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South Korea Ferry Disaster

South Korean Divers Banned From Ferry Search Slam Government

Image: A man sits beside the sea near an area where relatives of missing passengers from the Sewol ferry are gathered at Jindo harbor on April 23, 2014.

A man sits beside the sea near an area where relatives of missing passengers from the Sewol ferry are gathered at Jindo harbor on April 23, 2014. AFP - Getty Images

JINDO, South Korea – As the bodies of children with broken fingers were recovered from the submerged South Korean ferry, divers initially involved in the rescue questioned on Wednesday whether the government was doing enough to hunt for missing passengers.

Divers were still painstakingly searching the wreck of the Sewol ferry for 145 missing people, a week after it sank with 476 passengers and crew on board – 339 of them children and teachers on a high school trip. The confirmed death toll had reached 157, authorities said.

But a group of frustrated volunteer divers idled on dry land, saying they’d been banned from the search after some victims’ family members asked the government to only use military divers and civilian professionals.

“We respect the wishes of the families,” said Hwang Dae Young, president of the Korea Underwater Environment Association and leader of the group of volunteers. “But the government is still not doing enough and we’re here to help.”

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Some volunteer divers were allowed into the water around the ferry during the first days of rescue operations but they haven’t been allowed back in days, he said.

They have spent recent nights camped out under a tent in the local harbor, a thin layer of Styrofoam separating them from the stony ground.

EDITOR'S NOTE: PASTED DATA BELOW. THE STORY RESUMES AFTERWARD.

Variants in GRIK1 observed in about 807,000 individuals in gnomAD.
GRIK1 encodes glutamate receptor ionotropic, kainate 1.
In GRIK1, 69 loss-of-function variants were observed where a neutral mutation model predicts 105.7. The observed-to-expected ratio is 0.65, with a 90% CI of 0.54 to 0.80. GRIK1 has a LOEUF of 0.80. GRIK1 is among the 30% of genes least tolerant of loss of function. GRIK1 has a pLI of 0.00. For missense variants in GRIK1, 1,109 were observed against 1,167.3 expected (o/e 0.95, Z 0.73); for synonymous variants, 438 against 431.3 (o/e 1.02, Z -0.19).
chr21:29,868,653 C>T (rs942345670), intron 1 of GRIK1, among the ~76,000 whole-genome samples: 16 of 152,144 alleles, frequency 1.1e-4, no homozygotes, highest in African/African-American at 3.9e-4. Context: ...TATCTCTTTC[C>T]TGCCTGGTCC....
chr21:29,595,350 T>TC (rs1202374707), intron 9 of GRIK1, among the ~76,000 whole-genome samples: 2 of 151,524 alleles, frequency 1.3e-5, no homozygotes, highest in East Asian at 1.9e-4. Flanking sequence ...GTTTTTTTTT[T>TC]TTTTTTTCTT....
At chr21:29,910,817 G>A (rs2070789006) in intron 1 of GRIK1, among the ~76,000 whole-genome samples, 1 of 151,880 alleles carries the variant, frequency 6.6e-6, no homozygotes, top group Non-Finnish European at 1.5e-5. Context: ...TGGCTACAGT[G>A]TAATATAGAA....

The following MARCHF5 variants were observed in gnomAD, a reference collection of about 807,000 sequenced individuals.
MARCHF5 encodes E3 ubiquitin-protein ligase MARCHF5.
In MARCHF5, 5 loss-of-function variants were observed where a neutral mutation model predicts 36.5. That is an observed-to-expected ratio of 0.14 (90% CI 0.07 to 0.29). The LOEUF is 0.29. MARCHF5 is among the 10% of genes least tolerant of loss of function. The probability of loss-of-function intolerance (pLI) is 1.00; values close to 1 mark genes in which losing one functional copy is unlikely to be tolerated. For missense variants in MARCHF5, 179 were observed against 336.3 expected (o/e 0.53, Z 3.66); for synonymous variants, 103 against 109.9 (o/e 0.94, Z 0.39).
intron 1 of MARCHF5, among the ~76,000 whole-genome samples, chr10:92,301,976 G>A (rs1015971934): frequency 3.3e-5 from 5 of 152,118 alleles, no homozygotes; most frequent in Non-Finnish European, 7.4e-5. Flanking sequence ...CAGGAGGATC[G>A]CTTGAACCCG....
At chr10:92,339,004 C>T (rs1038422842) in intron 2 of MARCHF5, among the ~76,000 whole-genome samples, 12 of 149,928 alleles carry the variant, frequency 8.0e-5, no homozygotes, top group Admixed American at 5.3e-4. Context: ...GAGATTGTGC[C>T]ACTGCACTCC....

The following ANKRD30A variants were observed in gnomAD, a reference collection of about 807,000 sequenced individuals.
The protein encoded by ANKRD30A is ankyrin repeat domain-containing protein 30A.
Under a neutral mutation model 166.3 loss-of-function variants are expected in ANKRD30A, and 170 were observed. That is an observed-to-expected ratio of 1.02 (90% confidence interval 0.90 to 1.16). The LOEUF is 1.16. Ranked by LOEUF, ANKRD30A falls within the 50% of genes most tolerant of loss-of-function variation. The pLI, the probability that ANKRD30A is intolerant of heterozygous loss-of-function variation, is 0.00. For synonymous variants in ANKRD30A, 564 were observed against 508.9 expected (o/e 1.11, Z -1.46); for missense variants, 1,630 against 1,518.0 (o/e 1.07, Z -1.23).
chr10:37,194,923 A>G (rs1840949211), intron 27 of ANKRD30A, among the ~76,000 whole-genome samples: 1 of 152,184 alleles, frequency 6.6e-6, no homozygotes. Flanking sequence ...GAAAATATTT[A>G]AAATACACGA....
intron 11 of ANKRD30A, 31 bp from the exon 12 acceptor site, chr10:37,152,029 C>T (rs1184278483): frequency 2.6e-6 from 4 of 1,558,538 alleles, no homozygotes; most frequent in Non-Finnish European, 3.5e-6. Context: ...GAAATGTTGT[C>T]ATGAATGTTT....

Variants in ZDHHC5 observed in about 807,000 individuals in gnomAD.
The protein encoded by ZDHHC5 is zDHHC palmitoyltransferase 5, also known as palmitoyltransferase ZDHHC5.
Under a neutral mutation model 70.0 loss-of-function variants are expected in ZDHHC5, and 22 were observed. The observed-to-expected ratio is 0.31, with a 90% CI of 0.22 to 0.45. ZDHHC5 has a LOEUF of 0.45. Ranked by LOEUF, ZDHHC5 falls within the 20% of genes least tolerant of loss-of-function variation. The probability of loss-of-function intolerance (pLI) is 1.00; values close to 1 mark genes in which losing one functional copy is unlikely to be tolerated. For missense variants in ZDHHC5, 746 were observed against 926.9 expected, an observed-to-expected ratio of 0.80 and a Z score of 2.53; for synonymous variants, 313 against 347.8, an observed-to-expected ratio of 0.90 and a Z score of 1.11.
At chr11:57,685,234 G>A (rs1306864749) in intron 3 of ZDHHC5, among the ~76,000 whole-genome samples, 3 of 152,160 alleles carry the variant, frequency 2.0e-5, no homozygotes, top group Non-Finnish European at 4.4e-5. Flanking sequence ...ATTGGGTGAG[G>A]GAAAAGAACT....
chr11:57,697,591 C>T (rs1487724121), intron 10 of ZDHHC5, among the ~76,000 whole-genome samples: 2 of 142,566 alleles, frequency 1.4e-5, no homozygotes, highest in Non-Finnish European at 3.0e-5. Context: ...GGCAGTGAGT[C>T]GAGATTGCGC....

Unable to feel their way through the wreck's underwater maze themselves, the divers have learned of the latest developments in the search third-hand -- reading in local media that the children's broken fingers were a grim indication that they tried to claw themselves up walls or floors in a frantic bid to escape.

“We’re tired of waiting,” Hwang said. Many of the 50 volunteer divers have already left.

Jung Jong Nam said that if he didn’t receive orders soon, he would also leave –- without having been able to help.

Jung, 49, made his way from the island of Jeju, where the ferry was headed. He said he has a child around the age of many of those who died.

“I told myself, I just have to go and help them out,” he said, describing how close he had come. Maritime police took him out to the location of the sunken ferry on Tuesday, but didn’t let him dive.

“After long hours of waiting, the coast guard told us to leave,” he said.

Jung said he has been diving since he was 23 and has owned a diving shop.“I’ve done over 7,000 dives,” he said. “Of course I can do the same job as a military diver.”

Officials would not comment on the issue of volunteer divers but a spokesperson for the government task force leading the search said the operation involved coordinating divers from various groups including civilian deep sea specialists, navy forces, fire departments and maritime police.

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The divers can work for nearly an hour at a time as long as the oxygen lines do not snag on sharp corners of the ship's internal structure.

When they use cumbersome oxygen tanks on their backs instead, they can work for about 20 minutes before an alarm bell sounds.Of the 476 passengers and crew on board the Sewol, only 174 people were rescued. The rest are presumed to have drowned.

Captain Lee Joon-seok, 69, and other crew members have been arrested on negligence charges. Lee was also charged with undertaking an "excessive change of course without slowing down."

Reuters contributed to this report.